- Most cases can be diagnosed by an interview and physical examination alone including two specific tests called Tinnels and Phalens. Tinnels is performed by tapping directly over the median nerve at the carpal tunnel and assessing for a shooting sensation which travels to the fingertips. Phalens is performed by having the individual place the backs of their hands together and bending their wrist at a 90* angle. This should result in an increase in tingling/burning sensations and discomfort.
- Even with positive findings using Tinnels and Phalens, nerve conduction tests are frequently performed to confirm the diagnosis prior to proceeding with treatment.
- Most patients with carpal tunnel syndrome are initially treated with splinting and ant-inflammatory medication.
- If symptoms persist after a trial of splinting and NSAIDs, you may benefit from a steroid injection to reduce the inflammation in the area.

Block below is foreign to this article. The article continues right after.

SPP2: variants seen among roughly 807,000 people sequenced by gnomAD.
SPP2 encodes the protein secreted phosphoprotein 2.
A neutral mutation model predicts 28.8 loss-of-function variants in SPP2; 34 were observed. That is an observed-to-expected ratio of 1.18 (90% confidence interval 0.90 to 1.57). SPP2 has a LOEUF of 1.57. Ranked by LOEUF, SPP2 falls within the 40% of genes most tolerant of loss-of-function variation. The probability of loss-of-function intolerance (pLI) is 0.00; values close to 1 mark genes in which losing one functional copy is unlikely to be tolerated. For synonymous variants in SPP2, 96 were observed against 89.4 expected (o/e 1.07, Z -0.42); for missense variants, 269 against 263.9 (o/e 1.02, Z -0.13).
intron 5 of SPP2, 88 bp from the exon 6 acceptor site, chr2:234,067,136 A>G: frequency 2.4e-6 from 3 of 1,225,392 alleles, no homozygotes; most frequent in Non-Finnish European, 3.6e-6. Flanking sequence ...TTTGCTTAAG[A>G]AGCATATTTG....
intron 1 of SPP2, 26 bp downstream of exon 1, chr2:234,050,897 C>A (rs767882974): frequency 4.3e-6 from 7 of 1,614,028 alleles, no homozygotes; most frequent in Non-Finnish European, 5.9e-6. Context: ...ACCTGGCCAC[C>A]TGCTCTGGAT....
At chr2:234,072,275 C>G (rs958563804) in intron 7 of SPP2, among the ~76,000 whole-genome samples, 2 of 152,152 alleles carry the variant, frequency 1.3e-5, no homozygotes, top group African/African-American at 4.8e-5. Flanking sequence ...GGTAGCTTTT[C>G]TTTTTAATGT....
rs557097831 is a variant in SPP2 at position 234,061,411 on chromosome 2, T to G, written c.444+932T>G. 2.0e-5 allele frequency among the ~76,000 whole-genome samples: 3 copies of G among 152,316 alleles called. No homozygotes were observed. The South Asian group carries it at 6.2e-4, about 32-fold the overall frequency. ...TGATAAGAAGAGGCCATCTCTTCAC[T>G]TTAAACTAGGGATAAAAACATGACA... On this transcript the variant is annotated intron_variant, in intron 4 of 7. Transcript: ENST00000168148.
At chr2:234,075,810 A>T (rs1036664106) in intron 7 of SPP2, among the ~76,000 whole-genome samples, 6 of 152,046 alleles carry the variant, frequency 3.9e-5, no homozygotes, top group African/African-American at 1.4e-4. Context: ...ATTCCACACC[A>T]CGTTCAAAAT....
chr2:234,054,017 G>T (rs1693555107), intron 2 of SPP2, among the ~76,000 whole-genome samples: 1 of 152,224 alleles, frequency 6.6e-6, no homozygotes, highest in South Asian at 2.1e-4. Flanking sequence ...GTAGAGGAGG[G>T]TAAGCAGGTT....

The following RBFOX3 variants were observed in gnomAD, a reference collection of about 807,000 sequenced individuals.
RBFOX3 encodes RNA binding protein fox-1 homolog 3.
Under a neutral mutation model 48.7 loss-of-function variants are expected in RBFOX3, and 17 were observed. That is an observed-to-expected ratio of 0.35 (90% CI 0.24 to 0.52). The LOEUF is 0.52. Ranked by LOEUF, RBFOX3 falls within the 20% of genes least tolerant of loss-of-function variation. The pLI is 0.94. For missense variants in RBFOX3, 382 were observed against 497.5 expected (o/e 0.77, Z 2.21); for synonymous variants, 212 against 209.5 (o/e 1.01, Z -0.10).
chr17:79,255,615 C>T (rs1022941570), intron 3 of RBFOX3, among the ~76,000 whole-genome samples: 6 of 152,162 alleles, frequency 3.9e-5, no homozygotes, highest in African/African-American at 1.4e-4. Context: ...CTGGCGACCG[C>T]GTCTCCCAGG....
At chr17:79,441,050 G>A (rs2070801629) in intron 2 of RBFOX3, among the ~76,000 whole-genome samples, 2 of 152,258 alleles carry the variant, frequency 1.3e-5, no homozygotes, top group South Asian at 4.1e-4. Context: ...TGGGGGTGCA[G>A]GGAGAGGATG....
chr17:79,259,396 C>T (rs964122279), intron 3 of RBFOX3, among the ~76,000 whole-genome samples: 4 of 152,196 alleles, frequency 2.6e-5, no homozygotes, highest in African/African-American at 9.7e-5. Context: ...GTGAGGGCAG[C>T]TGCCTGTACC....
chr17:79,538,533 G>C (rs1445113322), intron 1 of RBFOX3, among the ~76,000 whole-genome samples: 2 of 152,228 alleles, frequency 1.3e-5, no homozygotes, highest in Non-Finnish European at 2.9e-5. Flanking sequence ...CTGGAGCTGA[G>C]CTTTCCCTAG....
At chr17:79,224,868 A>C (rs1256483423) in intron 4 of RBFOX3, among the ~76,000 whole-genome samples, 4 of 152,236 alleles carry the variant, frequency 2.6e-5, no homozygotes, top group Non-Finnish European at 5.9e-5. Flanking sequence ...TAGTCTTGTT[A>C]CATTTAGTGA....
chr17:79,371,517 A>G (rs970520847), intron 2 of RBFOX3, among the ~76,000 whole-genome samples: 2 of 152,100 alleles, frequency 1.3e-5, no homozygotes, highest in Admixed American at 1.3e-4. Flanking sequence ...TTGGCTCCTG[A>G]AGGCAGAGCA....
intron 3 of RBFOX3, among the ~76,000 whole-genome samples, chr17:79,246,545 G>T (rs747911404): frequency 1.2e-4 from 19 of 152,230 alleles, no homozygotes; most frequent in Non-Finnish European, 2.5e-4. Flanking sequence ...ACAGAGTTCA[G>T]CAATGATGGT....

- Many people respond well to a steroid injection, but if symptoms recur or are not adequately relieved, a carpal tunnel release surgery may be necessary for longterm relief.
Dupuytren's Contracture is an abnormal thickening of the fibrous tissue in the palm, extending into the fingers. It starts as a firm nodule in the palm and can progress to a thick band causing bending or contractures of the fingers which make using the hand difficult.
- Although the nodules may be tender initially, the pain typically dissipates and the condition progresses painlessly. However, as the cords form and tighten, they can prevent the fingers from straightening and can cause functional problems.
- The diagnosis is usually obvious on examination which may show firm, tender nodules on the palm, painless cords, or joint contractures at the MCP and/or PIP joints.